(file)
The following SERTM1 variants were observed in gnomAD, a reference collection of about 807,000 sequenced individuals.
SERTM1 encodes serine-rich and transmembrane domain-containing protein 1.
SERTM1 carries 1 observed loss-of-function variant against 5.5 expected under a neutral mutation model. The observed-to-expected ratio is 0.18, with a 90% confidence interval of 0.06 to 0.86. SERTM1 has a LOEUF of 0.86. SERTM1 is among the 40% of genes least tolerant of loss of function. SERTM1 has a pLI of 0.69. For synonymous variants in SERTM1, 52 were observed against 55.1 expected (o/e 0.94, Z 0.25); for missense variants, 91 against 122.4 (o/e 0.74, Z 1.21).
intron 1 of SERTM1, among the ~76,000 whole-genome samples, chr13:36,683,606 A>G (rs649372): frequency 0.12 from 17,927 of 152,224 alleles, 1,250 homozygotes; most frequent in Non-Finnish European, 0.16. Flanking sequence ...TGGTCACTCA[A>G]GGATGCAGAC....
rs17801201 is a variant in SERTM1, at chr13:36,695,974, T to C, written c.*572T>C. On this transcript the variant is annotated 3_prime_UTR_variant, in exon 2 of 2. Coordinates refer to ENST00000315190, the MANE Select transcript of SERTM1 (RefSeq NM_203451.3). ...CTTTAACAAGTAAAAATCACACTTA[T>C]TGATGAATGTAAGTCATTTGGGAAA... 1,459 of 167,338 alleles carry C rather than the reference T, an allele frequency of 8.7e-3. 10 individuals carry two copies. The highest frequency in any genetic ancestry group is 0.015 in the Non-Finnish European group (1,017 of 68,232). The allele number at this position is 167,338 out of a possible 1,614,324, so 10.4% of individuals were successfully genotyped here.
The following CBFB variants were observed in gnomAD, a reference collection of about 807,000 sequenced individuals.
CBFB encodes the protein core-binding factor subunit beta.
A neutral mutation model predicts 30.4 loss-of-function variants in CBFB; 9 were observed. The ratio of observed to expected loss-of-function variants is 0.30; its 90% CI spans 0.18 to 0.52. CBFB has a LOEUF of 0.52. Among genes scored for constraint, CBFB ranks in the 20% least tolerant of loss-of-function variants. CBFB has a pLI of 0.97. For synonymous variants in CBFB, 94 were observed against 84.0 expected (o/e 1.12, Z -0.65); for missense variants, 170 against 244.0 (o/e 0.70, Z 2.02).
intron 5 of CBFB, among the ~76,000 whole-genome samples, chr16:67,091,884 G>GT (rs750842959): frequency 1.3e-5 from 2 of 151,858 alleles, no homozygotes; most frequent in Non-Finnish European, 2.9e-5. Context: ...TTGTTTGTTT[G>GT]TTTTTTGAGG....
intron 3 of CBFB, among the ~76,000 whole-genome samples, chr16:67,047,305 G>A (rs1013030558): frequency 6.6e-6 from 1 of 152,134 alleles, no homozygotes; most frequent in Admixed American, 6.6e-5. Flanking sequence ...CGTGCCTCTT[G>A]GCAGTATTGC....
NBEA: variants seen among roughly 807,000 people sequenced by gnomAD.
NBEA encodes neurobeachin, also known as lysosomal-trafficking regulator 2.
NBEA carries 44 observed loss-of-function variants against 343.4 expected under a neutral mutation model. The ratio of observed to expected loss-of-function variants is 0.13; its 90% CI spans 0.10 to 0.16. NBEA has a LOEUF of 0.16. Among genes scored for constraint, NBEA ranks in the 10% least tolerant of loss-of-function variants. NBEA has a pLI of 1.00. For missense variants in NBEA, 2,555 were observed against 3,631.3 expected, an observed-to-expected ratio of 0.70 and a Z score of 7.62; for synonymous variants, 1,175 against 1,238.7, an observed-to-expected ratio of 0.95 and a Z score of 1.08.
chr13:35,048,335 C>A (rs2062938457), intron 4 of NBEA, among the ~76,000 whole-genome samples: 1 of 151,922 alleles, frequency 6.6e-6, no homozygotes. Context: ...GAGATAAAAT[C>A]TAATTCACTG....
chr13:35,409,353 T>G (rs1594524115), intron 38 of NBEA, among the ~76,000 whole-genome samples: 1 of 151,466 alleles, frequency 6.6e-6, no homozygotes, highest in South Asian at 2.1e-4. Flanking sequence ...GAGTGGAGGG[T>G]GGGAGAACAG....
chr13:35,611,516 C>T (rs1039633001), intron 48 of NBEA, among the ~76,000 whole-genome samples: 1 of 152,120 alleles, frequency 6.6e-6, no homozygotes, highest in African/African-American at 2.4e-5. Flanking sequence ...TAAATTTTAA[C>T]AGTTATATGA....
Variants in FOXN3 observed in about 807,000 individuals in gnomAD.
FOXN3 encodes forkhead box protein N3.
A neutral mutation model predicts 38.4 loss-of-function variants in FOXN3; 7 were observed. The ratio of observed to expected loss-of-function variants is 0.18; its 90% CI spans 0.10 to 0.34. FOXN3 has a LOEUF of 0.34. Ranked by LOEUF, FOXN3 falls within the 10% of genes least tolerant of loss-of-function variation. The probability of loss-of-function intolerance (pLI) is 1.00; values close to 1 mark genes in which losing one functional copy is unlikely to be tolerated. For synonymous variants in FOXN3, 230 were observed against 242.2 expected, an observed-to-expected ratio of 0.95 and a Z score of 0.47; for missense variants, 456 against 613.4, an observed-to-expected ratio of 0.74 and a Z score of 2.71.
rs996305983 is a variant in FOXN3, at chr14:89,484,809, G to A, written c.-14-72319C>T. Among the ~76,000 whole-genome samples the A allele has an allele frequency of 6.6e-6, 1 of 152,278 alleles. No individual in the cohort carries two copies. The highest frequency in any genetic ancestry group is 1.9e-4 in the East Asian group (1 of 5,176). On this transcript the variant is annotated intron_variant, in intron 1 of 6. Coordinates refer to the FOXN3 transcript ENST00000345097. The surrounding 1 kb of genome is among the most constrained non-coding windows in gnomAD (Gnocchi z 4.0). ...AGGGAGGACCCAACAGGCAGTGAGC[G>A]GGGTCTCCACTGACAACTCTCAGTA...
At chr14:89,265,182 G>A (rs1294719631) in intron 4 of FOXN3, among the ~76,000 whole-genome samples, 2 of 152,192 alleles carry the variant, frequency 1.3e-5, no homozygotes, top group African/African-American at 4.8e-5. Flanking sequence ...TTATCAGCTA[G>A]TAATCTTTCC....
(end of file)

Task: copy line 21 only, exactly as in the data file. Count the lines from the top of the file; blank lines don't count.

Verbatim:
At chr14:89,265,182 G>A (rs1294719631) in intron 4 of FOXN3, among the ~76,000 whole-genome samples, 2 of 152,192 alleles carry the variant, frequency 1.3e-5, no homozygotes, top group African/African-American at 4.8e-5. Flanking sequence ...TTATCAGCTA[G>A]TAATCTTTCC....